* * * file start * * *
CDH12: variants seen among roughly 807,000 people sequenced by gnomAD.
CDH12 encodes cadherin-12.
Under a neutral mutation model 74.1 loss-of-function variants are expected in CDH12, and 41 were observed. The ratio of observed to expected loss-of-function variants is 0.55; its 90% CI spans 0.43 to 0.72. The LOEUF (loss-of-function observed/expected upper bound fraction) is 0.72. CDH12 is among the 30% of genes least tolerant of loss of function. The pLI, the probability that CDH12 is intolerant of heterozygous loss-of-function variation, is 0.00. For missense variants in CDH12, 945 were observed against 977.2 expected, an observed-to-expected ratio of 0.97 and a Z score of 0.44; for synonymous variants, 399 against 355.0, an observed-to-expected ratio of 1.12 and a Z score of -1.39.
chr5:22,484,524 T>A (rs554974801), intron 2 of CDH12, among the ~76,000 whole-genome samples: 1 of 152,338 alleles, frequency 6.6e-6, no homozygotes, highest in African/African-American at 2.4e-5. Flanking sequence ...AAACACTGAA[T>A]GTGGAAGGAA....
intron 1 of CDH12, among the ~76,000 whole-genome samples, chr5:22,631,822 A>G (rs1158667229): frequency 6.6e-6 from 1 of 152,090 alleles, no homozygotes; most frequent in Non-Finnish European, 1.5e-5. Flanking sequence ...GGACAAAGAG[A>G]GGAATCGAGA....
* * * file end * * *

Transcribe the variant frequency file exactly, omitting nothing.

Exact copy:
CDH12: variants seen among roughly 807,000 people sequenced by gnomAD.
CDH12 encodes cadherin-12.
Under a neutral mutation model 74.1 loss-of-function variants are expected in CDH12, and 41 were observed. The ratio of observed to expected loss-of-function variants is 0.55; its 90% CI spans 0.43 to 0.72. The LOEUF (loss-of-function observed/expected upper bound fraction) is 0.72. CDH12 is among the 30% of genes least tolerant of loss of function. The pLI, the probability that CDH12 is intolerant of heterozygous loss-of-function variation, is 0.00. For missense variants in CDH12, 945 were observed against 977.2 expected, an observed-to-expected ratio of 0.97 and a Z score of 0.44; for synonymous variants, 399 against 355.0, an observed-to-expected ratio of 1.12 and a Z score of -1.39.
chr5:22,484,524 T>A (rs554974801), intron 2 of CDH12, among the ~76,000 whole-genome samples: 1 of 152,338 alleles, frequency 6.6e-6, no homozygotes, highest in African/African-American at 2.4e-5. Flanking sequence ...AAACACTGAA[T>A]GTGGAAGGAA....
intron 1 of CDH12, among the ~76,000 whole-genome samples, chr5:22,631,822 A>G (rs1158667229): frequency 6.6e-6 from 1 of 152,090 alleles, no homozygotes; most frequent in Non-Finnish European, 1.5e-5. Flanking sequence ...GGACAAAGAG[A>G]GGAATCGAGA....